Though he voted for the merger with Local 6, David was heartbroken when Local 153 closed. “It was a big change and took a lot of adjustment. I found myself with an abrupt end to my daily structure.” David was pleasantly suprised when members continued to call him with questions about contracts, scales, and benefits. “It felt great to still be in the loop. I would always refer calls to the Local 6 office, or to the website. Because Local 6 is so large geographically, I think it would be useful if there was a satellite office or something in the South Bay.”
For many years David has been a member of AFM Local 1000, the traveling musicians union which helps singles, duos, and small folk ensembles tour the country. “Over the years I’ve used Local 1000 contracts and scales for working up in Gold Country with a group called Wind Horse. We play benefits for causes such as saving wild horses and honoring those who lost their lives working in gold mines.”
In 2001, David formed Cassady’s Hammer, a rock trio where he plays guitar and sings. Inspired by beat icon Neal Cassady and his twirling hammer, they play roadhouses and bars, doing long extended jams and then breaking down to read Jack Kerouac excerpts. David was honored when Neal Cassady’s son, John Allen Cassady, joined them for a few gigs.
In 2004, David formed an Irish duo with Local 153 Treasurer David Winters called The O’Davey’s Irish Band. They mainly played Irish Pubs in San Francisco. One St. Patrick’s Day David recalls playing at Harrington’s Pub at the corner of Turk & Larkin during the parade. “It was packed. We loaded in and started our usual set. People were really drunk and falling out. The bartender walks across the bar, fighting the crowd, and comes up to us and tells us to play reels. In other words, ‘Stop fooling around with these ballads and hit it!’ We start pounding out reels and all of a sudden the crowd parts and we see these teenage girls, about nine of them in rows, in their dance costumes. One of them looks around and smiles at us, waits for the downbeat and then says ‘Go!’ And they start stepdancing. It was amazing.”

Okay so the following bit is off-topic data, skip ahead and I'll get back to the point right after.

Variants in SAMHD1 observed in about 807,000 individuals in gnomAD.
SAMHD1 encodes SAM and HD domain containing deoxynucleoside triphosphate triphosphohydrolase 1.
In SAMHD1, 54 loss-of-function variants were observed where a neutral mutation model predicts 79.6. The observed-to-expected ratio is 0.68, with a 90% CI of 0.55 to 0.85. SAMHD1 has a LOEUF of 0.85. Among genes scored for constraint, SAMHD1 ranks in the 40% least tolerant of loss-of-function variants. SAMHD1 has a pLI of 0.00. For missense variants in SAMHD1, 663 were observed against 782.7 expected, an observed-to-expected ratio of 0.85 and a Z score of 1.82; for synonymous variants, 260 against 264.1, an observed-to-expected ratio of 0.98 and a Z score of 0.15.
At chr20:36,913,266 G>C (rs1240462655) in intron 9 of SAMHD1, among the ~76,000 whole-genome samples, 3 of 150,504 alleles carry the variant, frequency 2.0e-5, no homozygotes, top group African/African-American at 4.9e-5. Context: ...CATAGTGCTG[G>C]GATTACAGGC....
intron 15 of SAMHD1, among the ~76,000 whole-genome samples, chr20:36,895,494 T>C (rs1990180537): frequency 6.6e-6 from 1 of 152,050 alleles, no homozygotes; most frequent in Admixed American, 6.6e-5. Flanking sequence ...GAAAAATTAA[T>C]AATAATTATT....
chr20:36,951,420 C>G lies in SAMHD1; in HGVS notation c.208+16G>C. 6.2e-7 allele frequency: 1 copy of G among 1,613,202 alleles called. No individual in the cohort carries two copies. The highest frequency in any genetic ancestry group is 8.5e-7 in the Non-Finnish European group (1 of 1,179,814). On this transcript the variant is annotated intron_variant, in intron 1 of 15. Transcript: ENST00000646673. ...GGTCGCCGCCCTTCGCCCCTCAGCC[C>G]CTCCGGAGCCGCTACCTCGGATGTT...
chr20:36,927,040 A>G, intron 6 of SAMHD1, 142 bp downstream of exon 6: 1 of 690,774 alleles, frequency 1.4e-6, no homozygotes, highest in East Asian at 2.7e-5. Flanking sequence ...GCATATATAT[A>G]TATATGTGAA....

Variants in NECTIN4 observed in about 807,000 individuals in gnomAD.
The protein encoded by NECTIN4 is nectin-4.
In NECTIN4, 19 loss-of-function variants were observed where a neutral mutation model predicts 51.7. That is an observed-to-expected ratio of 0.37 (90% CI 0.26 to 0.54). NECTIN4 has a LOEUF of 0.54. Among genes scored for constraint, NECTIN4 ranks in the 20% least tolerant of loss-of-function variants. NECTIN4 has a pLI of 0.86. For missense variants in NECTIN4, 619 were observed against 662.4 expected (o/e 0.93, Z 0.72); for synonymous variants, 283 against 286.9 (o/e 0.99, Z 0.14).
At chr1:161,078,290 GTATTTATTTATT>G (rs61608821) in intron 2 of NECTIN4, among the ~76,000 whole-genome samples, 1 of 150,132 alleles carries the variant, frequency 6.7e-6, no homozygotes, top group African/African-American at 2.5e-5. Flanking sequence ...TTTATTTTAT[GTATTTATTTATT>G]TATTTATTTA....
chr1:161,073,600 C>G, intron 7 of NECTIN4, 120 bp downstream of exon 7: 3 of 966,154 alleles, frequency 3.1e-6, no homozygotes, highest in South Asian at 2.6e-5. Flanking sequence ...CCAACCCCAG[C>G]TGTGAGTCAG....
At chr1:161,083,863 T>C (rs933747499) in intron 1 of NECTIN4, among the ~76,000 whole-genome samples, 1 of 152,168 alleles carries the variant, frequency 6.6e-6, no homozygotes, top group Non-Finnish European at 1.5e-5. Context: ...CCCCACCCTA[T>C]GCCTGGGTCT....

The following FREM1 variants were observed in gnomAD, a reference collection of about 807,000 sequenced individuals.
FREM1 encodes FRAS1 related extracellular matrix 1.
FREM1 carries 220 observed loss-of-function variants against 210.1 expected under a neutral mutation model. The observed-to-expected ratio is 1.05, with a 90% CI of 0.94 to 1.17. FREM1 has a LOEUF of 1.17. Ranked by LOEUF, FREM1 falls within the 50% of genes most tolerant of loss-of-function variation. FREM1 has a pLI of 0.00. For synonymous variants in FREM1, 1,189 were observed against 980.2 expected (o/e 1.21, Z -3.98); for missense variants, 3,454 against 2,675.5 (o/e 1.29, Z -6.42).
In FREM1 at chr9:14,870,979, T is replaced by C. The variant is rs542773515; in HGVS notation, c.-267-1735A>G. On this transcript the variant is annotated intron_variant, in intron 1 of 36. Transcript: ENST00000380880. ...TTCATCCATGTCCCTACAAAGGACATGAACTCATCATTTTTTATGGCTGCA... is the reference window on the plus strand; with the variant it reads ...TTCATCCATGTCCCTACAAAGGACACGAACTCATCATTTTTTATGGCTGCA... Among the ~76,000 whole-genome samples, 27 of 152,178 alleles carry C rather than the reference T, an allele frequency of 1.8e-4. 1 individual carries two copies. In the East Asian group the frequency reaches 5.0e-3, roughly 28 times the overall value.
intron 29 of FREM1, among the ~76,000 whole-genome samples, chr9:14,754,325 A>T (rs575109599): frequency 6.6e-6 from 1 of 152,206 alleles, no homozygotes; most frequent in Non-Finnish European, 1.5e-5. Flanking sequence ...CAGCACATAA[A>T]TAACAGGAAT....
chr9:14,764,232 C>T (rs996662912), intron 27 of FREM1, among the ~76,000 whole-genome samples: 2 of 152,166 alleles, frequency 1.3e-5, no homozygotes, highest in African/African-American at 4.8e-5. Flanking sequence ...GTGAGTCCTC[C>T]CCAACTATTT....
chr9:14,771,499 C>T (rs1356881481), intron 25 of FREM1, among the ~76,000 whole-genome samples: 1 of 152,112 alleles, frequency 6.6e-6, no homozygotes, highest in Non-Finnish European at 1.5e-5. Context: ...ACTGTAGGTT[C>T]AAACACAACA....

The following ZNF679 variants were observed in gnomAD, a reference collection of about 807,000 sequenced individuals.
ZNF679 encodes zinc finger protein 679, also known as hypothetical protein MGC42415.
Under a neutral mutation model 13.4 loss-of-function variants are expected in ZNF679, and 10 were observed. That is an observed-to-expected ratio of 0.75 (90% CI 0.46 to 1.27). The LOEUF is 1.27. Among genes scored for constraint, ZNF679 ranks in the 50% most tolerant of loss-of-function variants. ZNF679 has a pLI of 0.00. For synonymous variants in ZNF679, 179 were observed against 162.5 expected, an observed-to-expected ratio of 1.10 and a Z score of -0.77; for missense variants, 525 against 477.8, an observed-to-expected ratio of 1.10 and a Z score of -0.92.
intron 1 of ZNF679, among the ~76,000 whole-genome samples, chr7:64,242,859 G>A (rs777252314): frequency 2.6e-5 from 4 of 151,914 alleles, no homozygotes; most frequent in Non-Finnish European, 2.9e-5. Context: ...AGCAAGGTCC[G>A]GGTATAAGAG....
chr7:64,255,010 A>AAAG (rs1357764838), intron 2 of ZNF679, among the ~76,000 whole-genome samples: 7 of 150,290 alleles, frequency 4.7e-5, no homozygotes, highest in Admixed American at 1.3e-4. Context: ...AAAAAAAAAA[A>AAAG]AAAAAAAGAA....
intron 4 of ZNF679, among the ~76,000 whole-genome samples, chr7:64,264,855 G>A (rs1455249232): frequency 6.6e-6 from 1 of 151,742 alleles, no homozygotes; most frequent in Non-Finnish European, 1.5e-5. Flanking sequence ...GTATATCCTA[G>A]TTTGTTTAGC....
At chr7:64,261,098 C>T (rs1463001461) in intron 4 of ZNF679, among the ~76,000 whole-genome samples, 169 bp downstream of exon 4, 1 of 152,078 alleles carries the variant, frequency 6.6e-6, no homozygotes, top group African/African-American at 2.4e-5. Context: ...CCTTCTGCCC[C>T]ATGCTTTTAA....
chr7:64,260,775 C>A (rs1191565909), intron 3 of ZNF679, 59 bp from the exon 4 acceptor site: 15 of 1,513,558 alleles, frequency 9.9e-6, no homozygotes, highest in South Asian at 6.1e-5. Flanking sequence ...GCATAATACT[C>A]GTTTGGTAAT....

Sadly, David Winters passed away unexpectedly in 2014. “I was devastated. We had all these gigs booked. I gave away the work as I simply couldn’t bring myself to do it without him. We worked together at Local 153 for fifteen years and played in the O’Davey’s for ten years. David was a great friend and a wonderful human being.”
Up until recently, David played electric fiddle with O’Craven, a Celtic/ Pirate punk band based in San Jose. It was David’s first exposure to the punk scene. “It was a revival of 90s punk. O’Craven drove the scene along with a few other bands. It was very cooperative. If somebody needed an amp you gave them an amp. I remember one time a fellow was playing string bass in a rockabilly band and the bridge popped out. He kept singing and our guys ran in the back, grabbed an electric bass, strapped it on him, plugged it in and he finished the song. That kind of community spirit is fantastic.”
Now past age 70, David continues to perform and write songs. He sits on the Board of KKUP and fills in as a DJ on occasion. Every December he produces the Grateful Dead Marathon which helps raise money for KKUP. Even in this current political climate, David is hopeful about the future. As a proud AFM Member, he believes that now is the time for musicians to work together and organize.
“What gets me up in the morning is live performing, collaborating with other musicians, and making that musical connection with the audience. When I’m performing at a farmer’s market or some other venue and someone stops to listen and smiles because they get it—that makes it all worth it.”
“As a participant in our amazing downtown San Jose music scene, I feel that organizing Freelance musicians will prove to be a fruitful area for Local 6 activity. Such organizing will mobilize progressive thinking and activity, create an air of solidarity, and build community. I believe such outreach is imperative, and we simply must undertake this.”